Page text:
Miners so far unaffected by Mali coup

Several mining operators in Mali have confirmed that, while they are watching the events surrounding the resignation of the country’s president Ibrahim Boubacar Keita and disbanding of its national assembly after a military mutiny, the moves have not created any production slowdowns.
Miners so far unaffected by Mali coup Miners so far unaffected by Mali coup Miners so far unaffected by Mali coup Miners so far unaffected by Mali coup Miners so far unaffected by Mali coup

Ibrahim Boubacar Keita resigned as Mali's president after a military mutiny

West African miner Cora Gold noted that operations at its Sanankoro gold project in southern Mali were continuing at a normal pace with no safety or security issues.

Barrick, meanwhile, said its Loulo-Gounkoto mining complex was also unaffected by the changes.

"The complex has an adequate inventory for its foreseeable requirements and management has taken steps to secure its supply lines," officials said. "The company is monitoring the situation closely in consultation with local stakeholders."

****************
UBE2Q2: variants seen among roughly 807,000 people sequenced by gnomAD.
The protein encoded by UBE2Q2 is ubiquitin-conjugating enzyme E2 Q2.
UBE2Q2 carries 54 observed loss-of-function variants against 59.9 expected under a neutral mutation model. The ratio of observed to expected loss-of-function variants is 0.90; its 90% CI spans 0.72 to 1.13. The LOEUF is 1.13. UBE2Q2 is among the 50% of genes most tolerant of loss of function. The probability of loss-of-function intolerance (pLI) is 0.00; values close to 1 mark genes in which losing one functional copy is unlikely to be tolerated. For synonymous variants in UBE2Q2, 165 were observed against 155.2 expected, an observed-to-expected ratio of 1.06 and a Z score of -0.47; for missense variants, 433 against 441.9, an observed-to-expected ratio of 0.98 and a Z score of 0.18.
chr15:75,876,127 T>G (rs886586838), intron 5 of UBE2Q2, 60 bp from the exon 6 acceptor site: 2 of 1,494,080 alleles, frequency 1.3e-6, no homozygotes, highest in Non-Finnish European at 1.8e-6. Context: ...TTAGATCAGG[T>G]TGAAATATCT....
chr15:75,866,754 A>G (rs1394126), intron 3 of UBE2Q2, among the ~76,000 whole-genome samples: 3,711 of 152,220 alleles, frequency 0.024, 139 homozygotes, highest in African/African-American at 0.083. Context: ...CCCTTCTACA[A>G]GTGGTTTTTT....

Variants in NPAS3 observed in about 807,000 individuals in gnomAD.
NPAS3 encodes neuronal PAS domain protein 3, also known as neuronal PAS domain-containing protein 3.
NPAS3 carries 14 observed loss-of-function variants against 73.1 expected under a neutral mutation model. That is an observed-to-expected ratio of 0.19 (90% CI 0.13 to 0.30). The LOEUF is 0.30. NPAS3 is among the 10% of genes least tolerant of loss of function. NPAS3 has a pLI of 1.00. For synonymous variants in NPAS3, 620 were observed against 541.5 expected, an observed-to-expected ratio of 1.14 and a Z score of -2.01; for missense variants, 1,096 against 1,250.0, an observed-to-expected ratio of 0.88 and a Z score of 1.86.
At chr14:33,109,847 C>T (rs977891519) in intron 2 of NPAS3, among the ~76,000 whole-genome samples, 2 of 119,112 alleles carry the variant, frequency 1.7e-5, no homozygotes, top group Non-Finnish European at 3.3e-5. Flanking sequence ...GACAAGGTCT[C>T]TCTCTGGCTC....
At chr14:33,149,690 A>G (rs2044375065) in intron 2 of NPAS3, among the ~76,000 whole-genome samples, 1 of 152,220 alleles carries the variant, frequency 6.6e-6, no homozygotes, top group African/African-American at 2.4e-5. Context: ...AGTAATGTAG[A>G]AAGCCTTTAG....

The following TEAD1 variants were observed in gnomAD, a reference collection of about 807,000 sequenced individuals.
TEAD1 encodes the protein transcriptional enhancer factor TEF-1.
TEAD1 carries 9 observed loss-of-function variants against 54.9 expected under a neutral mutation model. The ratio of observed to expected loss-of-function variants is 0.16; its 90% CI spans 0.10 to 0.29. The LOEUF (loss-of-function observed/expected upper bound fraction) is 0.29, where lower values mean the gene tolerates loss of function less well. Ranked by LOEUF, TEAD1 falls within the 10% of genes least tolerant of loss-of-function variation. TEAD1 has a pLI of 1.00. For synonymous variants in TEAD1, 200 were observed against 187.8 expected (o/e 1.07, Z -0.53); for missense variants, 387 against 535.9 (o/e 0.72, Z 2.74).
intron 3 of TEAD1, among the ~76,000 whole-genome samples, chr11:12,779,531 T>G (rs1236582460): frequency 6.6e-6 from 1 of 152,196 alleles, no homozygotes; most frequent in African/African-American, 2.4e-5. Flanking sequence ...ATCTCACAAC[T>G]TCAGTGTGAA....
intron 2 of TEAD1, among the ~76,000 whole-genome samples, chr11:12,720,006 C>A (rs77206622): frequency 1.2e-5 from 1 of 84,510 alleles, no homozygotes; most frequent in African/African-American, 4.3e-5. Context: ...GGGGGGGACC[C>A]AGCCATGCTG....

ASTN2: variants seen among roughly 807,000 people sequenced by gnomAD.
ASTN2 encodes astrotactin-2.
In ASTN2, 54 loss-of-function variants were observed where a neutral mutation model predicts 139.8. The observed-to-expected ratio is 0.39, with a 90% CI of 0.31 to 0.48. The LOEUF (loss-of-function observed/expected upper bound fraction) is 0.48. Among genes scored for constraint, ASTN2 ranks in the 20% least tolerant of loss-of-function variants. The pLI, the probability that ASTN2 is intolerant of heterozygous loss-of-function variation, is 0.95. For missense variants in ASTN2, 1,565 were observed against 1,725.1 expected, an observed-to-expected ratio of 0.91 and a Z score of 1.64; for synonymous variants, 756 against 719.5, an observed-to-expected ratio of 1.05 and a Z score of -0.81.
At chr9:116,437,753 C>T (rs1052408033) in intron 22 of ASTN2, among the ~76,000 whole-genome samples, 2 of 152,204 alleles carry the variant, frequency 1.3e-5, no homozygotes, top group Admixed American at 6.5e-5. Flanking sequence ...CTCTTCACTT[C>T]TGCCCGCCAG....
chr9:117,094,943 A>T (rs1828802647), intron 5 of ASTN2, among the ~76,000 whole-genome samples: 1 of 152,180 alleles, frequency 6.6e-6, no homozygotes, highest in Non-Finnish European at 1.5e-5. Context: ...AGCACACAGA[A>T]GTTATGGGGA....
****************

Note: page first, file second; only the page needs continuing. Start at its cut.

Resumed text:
African Gold said work at its Kobada gold project in the south of Mali is unaffected, and plans remain in place for an upcoming exploration program that has two drill rigs already on site.

Canada-based Roscan said while the political situation is being monitored, it said, it is moving forward with its growth plan in the country and has added a fifth drill rig to its exploration programme.

"The…programme has not been affected and the company continues drilling as normal," it said.

"The fifth rig will be allocated to test our exploration targets as we continue to unlock value from the entire property. No operational days have been lost due to the political situation in the country and we are comfortably on target to achieve our 45,000m drill program target for 2020."

Roscan said employee safety is currently its top priority and, because of its positive relationship with the government and its county manager, it is being regularly updated on any changes.

On a related note, Mining Magazine sister publication Mining Journal quoted an analyst saying that miners in Mali could see "significant disruption" in major supply chains as logistic lines and export routes become frozen.

Alexandre Raymakers, senior Africa analyst at Verisk Maplecroft, said West African trade bloc ECOWAS' border closures could slice supply routes for mining operators and both hamper supply and raise costs.

The analyst said while miners operating in the west and south of the country were unlikely to face any "significant physical threats" to their assets, "companies will face significant disruptions, including the imposition of a nightly curfew".